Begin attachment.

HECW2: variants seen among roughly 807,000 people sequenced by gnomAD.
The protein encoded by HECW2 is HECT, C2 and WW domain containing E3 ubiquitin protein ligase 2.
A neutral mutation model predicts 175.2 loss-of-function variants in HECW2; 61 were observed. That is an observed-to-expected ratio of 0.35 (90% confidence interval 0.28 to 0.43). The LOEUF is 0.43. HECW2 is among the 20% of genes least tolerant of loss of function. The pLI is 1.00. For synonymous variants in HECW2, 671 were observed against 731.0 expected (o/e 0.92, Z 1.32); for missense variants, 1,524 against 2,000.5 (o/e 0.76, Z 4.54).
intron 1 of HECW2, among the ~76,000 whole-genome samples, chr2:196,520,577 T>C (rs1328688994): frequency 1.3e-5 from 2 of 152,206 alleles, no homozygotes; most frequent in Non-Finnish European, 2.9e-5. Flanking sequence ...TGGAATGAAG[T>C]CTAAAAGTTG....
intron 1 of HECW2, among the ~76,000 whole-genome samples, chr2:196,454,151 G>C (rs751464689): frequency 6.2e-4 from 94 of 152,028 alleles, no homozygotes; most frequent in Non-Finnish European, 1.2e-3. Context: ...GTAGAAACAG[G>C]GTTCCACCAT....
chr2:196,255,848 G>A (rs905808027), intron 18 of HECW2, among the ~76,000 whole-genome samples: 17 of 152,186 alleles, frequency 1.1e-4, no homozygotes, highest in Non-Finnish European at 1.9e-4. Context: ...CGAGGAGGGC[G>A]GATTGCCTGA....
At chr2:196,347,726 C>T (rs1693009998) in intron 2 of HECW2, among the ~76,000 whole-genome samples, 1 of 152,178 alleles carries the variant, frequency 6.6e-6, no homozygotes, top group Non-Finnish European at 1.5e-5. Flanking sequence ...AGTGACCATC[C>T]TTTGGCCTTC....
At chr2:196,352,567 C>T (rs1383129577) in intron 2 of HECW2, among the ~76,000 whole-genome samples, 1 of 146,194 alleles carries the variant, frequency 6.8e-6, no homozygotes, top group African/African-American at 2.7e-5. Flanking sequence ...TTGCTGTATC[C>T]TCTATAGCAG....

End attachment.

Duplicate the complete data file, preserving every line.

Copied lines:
HECW2: variants seen among roughly 807,000 people sequenced by gnomAD.
The protein encoded by HECW2 is HECT, C2 and WW domain containing E3 ubiquitin protein ligase 2.
A neutral mutation model predicts 175.2 loss-of-function variants in HECW2; 61 were observed. That is an observed-to-expected ratio of 0.35 (90% confidence interval 0.28 to 0.43). The LOEUF is 0.43. HECW2 is among the 20% of genes least tolerant of loss of function. The pLI is 1.00. For synonymous variants in HECW2, 671 were observed against 731.0 expected (o/e 0.92, Z 1.32); for missense variants, 1,524 against 2,000.5 (o/e 0.76, Z 4.54).
intron 1 of HECW2, among the ~76,000 whole-genome samples, chr2:196,520,577 T>C (rs1328688994): frequency 1.3e-5 from 2 of 152,206 alleles, no homozygotes; most frequent in Non-Finnish European, 2.9e-5. Flanking sequence ...TGGAATGAAG[T>C]CTAAAAGTTG....
intron 1 of HECW2, among the ~76,000 whole-genome samples, chr2:196,454,151 G>C (rs751464689): frequency 6.2e-4 from 94 of 152,028 alleles, no homozygotes; most frequent in Non-Finnish European, 1.2e-3. Context: ...GTAGAAACAG[G>C]GTTCCACCAT....
chr2:196,255,848 G>A (rs905808027), intron 18 of HECW2, among the ~76,000 whole-genome samples: 17 of 152,186 alleles, frequency 1.1e-4, no homozygotes, highest in Non-Finnish European at 1.9e-4. Context: ...CGAGGAGGGC[G>A]GATTGCCTGA....
At chr2:196,347,726 C>T (rs1693009998) in intron 2 of HECW2, among the ~76,000 whole-genome samples, 1 of 152,178 alleles carries the variant, frequency 6.6e-6, no homozygotes, top group Non-Finnish European at 1.5e-5. Flanking sequence ...AGTGACCATC[C>T]TTTGGCCTTC....
At chr2:196,352,567 C>T (rs1383129577) in intron 2 of HECW2, among the ~76,000 whole-genome samples, 1 of 146,194 alleles carries the variant, frequency 6.8e-6, no homozygotes, top group African/African-American at 2.7e-5. Flanking sequence ...TTGCTGTATC[C>T]TCTATAGCAG....